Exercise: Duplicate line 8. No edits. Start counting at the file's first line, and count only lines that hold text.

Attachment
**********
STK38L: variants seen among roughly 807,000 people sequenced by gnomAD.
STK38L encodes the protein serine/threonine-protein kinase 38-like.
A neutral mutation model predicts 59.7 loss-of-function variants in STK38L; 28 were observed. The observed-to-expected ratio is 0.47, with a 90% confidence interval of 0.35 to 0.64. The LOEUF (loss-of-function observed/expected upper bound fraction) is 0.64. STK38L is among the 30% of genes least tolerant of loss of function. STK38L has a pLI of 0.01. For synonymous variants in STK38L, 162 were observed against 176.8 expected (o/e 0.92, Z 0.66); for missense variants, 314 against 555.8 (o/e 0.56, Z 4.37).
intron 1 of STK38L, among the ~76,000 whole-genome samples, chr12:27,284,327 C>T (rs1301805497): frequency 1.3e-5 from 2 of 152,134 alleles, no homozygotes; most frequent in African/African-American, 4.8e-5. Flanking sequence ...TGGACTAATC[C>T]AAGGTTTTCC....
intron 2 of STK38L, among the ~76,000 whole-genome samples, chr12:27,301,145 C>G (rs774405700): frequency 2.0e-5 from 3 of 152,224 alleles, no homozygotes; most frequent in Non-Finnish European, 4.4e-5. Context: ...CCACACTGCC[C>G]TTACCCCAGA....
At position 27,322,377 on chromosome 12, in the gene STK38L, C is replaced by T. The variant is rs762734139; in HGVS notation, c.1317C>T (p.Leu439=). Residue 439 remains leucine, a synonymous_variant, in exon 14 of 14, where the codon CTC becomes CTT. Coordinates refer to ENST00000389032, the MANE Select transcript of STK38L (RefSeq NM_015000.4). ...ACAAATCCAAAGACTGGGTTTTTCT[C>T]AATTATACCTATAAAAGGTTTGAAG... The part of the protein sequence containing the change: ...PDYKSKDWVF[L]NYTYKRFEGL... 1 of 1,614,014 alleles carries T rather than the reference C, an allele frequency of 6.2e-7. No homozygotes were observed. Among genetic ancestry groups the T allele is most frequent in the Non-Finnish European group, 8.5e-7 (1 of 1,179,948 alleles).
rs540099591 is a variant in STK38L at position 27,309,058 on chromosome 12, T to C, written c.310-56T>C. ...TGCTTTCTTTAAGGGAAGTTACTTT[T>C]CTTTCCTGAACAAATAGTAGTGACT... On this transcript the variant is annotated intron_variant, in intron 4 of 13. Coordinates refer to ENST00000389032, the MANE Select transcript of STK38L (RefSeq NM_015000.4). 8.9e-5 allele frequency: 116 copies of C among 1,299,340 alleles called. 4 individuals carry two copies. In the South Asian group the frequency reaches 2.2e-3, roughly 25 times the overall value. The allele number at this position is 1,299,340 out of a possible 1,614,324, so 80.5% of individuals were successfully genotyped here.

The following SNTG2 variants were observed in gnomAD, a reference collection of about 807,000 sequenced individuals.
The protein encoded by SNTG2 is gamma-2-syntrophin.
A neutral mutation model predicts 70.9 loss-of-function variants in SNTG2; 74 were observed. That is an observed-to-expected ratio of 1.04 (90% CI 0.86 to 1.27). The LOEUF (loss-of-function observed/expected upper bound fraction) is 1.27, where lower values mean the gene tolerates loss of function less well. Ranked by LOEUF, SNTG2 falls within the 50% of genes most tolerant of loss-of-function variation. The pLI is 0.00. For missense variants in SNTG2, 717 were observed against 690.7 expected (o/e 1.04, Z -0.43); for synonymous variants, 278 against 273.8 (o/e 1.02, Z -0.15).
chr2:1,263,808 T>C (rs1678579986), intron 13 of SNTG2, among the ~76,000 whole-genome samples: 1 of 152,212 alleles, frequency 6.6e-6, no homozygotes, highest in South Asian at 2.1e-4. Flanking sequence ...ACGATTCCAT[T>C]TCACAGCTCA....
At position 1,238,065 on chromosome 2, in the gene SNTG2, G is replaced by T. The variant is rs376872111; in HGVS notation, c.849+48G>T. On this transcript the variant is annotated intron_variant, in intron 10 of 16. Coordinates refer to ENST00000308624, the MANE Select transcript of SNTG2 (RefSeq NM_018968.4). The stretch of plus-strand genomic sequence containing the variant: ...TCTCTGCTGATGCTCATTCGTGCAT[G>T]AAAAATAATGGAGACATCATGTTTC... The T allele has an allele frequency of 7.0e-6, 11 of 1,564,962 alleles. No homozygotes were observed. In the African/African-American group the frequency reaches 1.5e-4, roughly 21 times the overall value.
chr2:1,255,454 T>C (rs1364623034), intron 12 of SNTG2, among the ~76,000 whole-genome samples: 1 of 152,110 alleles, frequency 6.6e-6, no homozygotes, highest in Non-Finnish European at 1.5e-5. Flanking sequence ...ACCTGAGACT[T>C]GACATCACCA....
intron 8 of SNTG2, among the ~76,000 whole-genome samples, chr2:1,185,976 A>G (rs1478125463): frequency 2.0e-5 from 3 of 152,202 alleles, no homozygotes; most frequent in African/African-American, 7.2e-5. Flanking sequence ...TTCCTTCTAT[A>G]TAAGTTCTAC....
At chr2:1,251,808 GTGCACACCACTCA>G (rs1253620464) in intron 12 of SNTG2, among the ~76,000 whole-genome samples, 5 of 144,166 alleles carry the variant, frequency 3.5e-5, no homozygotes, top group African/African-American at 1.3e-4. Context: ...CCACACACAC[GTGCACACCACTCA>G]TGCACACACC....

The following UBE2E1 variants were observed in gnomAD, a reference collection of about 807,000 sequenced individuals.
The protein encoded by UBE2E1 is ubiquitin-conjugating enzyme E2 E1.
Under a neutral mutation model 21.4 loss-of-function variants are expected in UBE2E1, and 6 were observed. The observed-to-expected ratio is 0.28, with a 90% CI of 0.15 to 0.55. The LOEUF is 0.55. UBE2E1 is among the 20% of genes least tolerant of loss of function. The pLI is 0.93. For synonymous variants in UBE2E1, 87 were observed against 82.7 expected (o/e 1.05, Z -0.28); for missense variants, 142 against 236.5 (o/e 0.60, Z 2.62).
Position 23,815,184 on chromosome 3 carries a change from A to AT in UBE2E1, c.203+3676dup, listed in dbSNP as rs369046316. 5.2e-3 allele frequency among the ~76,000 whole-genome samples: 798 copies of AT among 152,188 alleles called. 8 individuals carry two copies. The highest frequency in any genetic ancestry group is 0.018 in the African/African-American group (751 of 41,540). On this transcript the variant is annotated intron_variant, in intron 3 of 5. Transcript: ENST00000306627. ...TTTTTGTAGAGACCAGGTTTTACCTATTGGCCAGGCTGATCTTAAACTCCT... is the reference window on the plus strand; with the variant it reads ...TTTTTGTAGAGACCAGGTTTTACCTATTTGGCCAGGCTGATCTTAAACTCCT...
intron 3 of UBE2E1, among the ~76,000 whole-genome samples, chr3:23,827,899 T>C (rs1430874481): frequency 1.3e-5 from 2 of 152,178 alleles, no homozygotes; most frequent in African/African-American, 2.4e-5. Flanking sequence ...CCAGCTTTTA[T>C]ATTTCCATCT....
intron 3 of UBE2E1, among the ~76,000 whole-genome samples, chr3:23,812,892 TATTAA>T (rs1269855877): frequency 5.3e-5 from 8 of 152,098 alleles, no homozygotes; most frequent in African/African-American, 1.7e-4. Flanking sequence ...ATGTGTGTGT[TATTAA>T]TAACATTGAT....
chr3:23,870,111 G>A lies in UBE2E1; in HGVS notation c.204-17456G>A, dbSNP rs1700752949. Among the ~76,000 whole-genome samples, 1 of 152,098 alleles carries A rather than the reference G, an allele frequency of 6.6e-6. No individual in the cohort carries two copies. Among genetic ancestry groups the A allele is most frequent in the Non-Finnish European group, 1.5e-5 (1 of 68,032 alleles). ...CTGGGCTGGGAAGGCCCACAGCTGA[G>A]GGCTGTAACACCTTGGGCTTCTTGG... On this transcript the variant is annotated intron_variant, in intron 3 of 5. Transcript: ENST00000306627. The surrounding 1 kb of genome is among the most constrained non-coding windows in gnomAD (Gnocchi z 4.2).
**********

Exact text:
The following SNTG2 variants were observed in gnomAD, a reference collection of about 807,000 sequenced individuals.